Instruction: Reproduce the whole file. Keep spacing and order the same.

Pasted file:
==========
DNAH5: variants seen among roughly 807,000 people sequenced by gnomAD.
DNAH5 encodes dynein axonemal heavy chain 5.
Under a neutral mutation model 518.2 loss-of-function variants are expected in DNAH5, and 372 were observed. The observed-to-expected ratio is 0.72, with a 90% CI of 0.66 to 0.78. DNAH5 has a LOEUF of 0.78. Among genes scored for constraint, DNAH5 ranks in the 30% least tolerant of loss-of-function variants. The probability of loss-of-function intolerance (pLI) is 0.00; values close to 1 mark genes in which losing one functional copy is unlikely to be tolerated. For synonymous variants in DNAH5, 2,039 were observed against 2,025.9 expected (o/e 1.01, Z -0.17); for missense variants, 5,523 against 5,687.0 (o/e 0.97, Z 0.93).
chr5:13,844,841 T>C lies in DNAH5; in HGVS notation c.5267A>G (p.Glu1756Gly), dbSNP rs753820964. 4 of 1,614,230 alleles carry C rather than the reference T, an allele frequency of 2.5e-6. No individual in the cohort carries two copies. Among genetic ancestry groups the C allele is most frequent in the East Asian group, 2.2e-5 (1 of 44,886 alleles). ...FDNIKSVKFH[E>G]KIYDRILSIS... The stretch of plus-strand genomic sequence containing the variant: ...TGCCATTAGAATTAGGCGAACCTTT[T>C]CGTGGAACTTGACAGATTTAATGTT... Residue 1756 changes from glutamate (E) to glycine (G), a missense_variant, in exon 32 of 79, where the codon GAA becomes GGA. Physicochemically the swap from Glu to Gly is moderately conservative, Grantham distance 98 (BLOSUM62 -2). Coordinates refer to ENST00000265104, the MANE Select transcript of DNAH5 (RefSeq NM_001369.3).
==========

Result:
DNAH5: variants seen among roughly 807,000 people sequenced by gnomAD.
DNAH5 encodes dynein axonemal heavy chain 5.
Under a neutral mutation model 518.2 loss-of-function variants are expected in DNAH5, and 372 were observed. The observed-to-expected ratio is 0.72, with a 90% CI of 0.66 to 0.78. DNAH5 has a LOEUF of 0.78. Among genes scored for constraint, DNAH5 ranks in the 30% least tolerant of loss-of-function variants. The probability of loss-of-function intolerance (pLI) is 0.00; values close to 1 mark genes in which losing one functional copy is unlikely to be tolerated. For synonymous variants in DNAH5, 2,039 were observed against 2,025.9 expected (o/e 1.01, Z -0.17); for missense variants, 5,523 against 5,687.0 (o/e 0.97, Z 0.93).
chr5:13,844,841 T>C lies in DNAH5; in HGVS notation c.5267A>G (p.Glu1756Gly), dbSNP rs753820964. 4 of 1,614,230 alleles carry C rather than the reference T, an allele frequency of 2.5e-6. No individual in the cohort carries two copies. Among genetic ancestry groups the C allele is most frequent in the East Asian group, 2.2e-5 (1 of 44,886 alleles). ...FDNIKSVKFH[E>G]KIYDRILSIS... The stretch of plus-strand genomic sequence containing the variant: ...TGCCATTAGAATTAGGCGAACCTTT[T>C]CGTGGAACTTGACAGATTTAATGTT... Residue 1756 changes from glutamate (E) to glycine (G), a missense_variant, in exon 32 of 79, where the codon GAA becomes GGA. Physicochemically the swap from Glu to Gly is moderately conservative, Grantham distance 98 (BLOSUM62 -2). Coordinates refer to ENST00000265104, the MANE Select transcript of DNAH5 (RefSeq NM_001369.3).